While standing in the Bridgeport ferry line next to our motorcycles, Kenny and I had the good fortune of meeting an incredibly interesting soul. He quietly stepped off of a casino bus that was parked next to us, also waiting to board the ferry which was due to arrive in 20 minutes time.
‘Those are beautiful, but not for me!’ he said pointing to our parked motorcycles with a twinkle in his eye. Sometimes people just emit a vibe that draws you in. He was like that. I chuckled and said something tragically inane like ‘Oh no, why’s that?’ This man in a summer tan sport coat and slacks and a dark blue cap began to casually weave what I came to decide was just a mere thread in the tale of his life into a fine spun fabric.
He went on to tell us about being in battle in Germany during World War II. After the conclusion of one particular skirmish he and his fellow soldiers found a German motorcycle. As the dust settled each of the men took a turn trying to ride on the motorbike. Tony smirked as he told us that he ended up riding himself into a row of hedges, knocked himself off the bike and got a face full of scratches. His riding career started and ended within a 5 minute span.
As the conversation began to flow naturally, Tony who is now 88 years old was more than happy to tell us about being a young man in the war. He stood no taller than me, at 5’7” but carried himself like he was 6’1“. It was clear that he had a quiet confidence in himself that he came to a good understanding of during his nearly 9 decades. He wore a single diamond stud earring and a long gray pony tail bound by rubber bands down its length below a navy baseball style hat. The front of the hat proudly bore the words Silver Star Conspicuous Gallantry.
When his number was called, he was given a nickel to head in to New York City’s Grand Central Station to go and get his Army physical. He chuckled out loud when he told us about the hearing part of the test which consisted of one question.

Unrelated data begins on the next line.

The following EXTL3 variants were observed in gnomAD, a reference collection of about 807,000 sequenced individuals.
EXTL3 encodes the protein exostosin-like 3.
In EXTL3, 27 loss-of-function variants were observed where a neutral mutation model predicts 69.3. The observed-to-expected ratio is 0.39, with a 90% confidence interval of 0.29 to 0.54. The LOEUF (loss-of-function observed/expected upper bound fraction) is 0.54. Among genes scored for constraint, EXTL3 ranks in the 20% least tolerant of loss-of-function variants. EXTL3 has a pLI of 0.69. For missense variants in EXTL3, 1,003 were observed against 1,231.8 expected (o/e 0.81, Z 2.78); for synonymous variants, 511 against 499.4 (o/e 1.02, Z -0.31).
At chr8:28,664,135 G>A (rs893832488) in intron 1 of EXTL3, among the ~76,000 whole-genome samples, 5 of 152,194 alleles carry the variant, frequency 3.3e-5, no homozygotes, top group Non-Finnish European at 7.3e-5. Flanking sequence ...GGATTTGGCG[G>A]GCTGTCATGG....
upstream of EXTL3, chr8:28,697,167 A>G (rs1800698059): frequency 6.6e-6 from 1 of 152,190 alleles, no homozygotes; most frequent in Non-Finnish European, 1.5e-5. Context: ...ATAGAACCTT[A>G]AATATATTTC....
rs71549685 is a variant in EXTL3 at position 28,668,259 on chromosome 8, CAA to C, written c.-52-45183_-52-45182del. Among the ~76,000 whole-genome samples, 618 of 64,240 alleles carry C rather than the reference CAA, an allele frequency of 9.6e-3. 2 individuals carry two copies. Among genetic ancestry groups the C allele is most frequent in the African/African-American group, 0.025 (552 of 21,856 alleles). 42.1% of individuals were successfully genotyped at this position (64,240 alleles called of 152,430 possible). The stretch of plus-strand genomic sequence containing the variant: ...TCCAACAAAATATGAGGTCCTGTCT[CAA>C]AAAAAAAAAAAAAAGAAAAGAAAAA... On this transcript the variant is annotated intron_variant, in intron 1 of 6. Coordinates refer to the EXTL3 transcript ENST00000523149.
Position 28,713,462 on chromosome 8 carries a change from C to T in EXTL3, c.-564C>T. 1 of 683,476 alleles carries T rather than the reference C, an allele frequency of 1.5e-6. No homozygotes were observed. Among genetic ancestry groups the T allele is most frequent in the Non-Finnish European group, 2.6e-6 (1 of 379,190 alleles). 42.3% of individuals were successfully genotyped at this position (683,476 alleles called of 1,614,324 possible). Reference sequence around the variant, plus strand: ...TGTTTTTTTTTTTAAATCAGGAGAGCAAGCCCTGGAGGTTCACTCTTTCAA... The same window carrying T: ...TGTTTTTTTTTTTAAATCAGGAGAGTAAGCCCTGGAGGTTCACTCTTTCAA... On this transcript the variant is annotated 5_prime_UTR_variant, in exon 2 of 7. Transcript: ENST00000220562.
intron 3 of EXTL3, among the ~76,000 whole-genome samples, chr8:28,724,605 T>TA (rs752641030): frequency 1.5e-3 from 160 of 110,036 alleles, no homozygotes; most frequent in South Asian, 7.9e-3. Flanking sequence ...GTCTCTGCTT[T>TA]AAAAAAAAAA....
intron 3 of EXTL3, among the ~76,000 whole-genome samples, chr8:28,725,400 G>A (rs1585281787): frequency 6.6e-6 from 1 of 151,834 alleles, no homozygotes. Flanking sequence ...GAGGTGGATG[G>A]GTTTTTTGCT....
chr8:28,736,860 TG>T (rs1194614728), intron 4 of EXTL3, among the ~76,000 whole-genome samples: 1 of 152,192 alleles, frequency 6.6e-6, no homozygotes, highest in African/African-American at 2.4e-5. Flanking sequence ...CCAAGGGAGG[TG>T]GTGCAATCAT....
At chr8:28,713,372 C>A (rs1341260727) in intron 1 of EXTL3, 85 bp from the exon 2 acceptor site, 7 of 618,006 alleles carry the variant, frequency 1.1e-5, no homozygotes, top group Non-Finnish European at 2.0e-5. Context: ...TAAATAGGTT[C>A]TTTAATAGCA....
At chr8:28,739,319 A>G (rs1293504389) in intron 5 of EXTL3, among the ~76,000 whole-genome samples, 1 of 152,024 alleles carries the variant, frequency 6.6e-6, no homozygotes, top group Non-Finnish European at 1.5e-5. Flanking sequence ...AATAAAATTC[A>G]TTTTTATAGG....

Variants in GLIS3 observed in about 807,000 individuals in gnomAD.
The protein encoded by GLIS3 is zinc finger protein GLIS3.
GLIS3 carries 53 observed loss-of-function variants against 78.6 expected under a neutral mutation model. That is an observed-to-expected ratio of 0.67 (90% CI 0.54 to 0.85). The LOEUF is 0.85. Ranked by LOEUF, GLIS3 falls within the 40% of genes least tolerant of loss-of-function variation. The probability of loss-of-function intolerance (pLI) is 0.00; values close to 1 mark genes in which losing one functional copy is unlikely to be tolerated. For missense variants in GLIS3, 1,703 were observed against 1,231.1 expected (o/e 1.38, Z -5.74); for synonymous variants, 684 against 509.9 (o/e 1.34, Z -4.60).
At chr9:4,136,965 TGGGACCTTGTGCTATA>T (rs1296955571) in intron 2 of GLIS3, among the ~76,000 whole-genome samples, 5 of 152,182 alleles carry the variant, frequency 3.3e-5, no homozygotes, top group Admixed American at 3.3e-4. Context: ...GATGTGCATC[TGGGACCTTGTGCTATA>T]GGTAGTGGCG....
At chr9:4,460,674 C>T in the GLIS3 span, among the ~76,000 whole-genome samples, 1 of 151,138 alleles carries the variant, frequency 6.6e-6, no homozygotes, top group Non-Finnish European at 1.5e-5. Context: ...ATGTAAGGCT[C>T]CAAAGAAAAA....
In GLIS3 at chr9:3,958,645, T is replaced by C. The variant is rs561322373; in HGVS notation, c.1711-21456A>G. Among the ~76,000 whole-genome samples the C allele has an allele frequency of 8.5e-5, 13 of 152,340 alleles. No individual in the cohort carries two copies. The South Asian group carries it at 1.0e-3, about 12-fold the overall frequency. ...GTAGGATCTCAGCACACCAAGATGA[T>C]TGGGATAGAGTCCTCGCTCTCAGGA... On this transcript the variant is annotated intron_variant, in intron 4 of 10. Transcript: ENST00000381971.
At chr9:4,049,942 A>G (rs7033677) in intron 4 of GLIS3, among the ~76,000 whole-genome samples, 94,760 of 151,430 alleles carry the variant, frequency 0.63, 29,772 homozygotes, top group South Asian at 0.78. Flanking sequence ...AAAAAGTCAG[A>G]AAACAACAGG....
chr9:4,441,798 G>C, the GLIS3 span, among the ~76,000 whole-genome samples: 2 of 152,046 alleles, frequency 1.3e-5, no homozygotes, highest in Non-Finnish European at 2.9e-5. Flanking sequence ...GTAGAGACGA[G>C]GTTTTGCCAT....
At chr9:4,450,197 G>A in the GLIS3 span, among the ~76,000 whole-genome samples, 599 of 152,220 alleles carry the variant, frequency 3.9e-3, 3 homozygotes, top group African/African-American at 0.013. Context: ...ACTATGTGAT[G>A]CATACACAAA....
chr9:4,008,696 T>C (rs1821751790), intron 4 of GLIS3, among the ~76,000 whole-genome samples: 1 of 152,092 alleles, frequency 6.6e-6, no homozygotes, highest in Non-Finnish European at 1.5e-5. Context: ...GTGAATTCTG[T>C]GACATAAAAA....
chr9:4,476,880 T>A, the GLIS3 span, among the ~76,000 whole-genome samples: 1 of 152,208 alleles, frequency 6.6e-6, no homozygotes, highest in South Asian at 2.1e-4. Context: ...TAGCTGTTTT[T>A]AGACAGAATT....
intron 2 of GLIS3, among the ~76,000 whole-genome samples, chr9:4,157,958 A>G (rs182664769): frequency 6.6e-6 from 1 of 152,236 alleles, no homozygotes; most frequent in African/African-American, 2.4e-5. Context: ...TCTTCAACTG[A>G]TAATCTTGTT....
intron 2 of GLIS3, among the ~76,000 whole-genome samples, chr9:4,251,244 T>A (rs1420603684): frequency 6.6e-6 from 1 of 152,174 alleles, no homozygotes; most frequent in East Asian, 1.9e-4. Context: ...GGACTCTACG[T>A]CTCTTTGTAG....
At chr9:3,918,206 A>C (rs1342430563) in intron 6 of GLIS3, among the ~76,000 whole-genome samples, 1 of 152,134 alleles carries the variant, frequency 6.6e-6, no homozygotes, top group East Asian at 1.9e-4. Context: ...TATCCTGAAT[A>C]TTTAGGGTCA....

This gentle man who stood in front of us with an inviting smile, was in Normandy. He was called in 2 days early from his leave to head to Bastogne. He left home a young man who did not swear or drink and he came home ‘rough,’ he said. He went on to say that it took a long time to acclimate to being home, away from the things that he saw, away from the memories of things like waiting in a foxhole after laying mines in a field.
Because I cannot pretend to understand the many changes that a war will put a person through I can only assume then that his warm and open demeanor must have been the result of the last 60 years of practice. He was a delightful walking time capsule full of stories to be treasured.
I cannot help but feel like if it were not for me riding a motorcycle, I would never have shared 20 minutes with such a person. Sometimes in this life you cross paths with people whom you feel blessed to meet. Tony was such a man.
How about you? Have you ever met someone who affected you deeply while out on the road?